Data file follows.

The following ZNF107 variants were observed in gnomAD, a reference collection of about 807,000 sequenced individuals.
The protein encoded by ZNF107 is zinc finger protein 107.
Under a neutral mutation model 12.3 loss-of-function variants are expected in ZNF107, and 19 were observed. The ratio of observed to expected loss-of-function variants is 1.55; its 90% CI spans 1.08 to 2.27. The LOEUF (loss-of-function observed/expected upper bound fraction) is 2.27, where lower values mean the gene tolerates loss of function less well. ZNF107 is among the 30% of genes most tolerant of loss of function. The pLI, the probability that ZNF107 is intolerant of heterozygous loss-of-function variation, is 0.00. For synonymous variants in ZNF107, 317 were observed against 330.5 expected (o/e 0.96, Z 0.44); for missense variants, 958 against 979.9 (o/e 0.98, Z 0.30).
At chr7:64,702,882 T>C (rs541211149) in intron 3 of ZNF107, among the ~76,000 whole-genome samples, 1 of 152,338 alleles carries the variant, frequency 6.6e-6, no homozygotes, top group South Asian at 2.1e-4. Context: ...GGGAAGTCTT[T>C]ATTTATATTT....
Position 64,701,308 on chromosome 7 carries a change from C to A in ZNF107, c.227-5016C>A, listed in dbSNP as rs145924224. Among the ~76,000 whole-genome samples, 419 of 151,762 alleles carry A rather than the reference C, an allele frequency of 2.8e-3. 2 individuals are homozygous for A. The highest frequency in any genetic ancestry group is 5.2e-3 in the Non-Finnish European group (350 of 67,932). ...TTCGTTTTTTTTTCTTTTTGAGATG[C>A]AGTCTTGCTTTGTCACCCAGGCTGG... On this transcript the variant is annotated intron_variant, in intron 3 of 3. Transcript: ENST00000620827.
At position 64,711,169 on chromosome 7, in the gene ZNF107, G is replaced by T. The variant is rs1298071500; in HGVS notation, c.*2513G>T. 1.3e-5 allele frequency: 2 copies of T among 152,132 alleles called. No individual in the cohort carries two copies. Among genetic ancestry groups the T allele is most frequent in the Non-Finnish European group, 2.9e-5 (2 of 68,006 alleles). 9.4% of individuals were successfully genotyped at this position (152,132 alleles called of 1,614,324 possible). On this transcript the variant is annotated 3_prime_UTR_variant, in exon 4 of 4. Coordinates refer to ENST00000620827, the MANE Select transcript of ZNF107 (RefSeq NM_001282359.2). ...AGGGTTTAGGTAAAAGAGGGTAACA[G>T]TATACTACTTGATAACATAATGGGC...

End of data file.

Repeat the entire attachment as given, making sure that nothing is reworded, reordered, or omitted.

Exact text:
The following ZNF107 variants were observed in gnomAD, a reference collection of about 807,000 sequenced individuals.
The protein encoded by ZNF107 is zinc finger protein 107.
Under a neutral mutation model 12.3 loss-of-function variants are expected in ZNF107, and 19 were observed. The ratio of observed to expected loss-of-function variants is 1.55; its 90% CI spans 1.08 to 2.27. The LOEUF (loss-of-function observed/expected upper bound fraction) is 2.27, where lower values mean the gene tolerates loss of function less well. ZNF107 is among the 30% of genes most tolerant of loss of function. The pLI, the probability that ZNF107 is intolerant of heterozygous loss-of-function variation, is 0.00. For synonymous variants in ZNF107, 317 were observed against 330.5 expected (o/e 0.96, Z 0.44); for missense variants, 958 against 979.9 (o/e 0.98, Z 0.30).
At chr7:64,702,882 T>C (rs541211149) in intron 3 of ZNF107, among the ~76,000 whole-genome samples, 1 of 152,338 alleles carries the variant, frequency 6.6e-6, no homozygotes, top group South Asian at 2.1e-4. Context: ...GGGAAGTCTT[T>C]ATTTATATTT....
Position 64,701,308 on chromosome 7 carries a change from C to A in ZNF107, c.227-5016C>A, listed in dbSNP as rs145924224. Among the ~76,000 whole-genome samples, 419 of 151,762 alleles carry A rather than the reference C, an allele frequency of 2.8e-3. 2 individuals are homozygous for A. The highest frequency in any genetic ancestry group is 5.2e-3 in the Non-Finnish European group (350 of 67,932). ...TTCGTTTTTTTTTCTTTTTGAGATG[C>A]AGTCTTGCTTTGTCACCCAGGCTGG... On this transcript the variant is annotated intron_variant, in intron 3 of 3. Transcript: ENST00000620827.
At position 64,711,169 on chromosome 7, in the gene ZNF107, G is replaced by T. The variant is rs1298071500; in HGVS notation, c.*2513G>T. 1.3e-5 allele frequency: 2 copies of T among 152,132 alleles called. No individual in the cohort carries two copies. Among genetic ancestry groups the T allele is most frequent in the Non-Finnish European group, 2.9e-5 (2 of 68,006 alleles). 9.4% of individuals were successfully genotyped at this position (152,132 alleles called of 1,614,324 possible). On this transcript the variant is annotated 3_prime_UTR_variant, in exon 4 of 4. Coordinates refer to ENST00000620827, the MANE Select transcript of ZNF107 (RefSeq NM_001282359.2). ...AGGGTTTAGGTAAAAGAGGGTAACA[G>T]TATACTACTTGATAACATAATGGGC...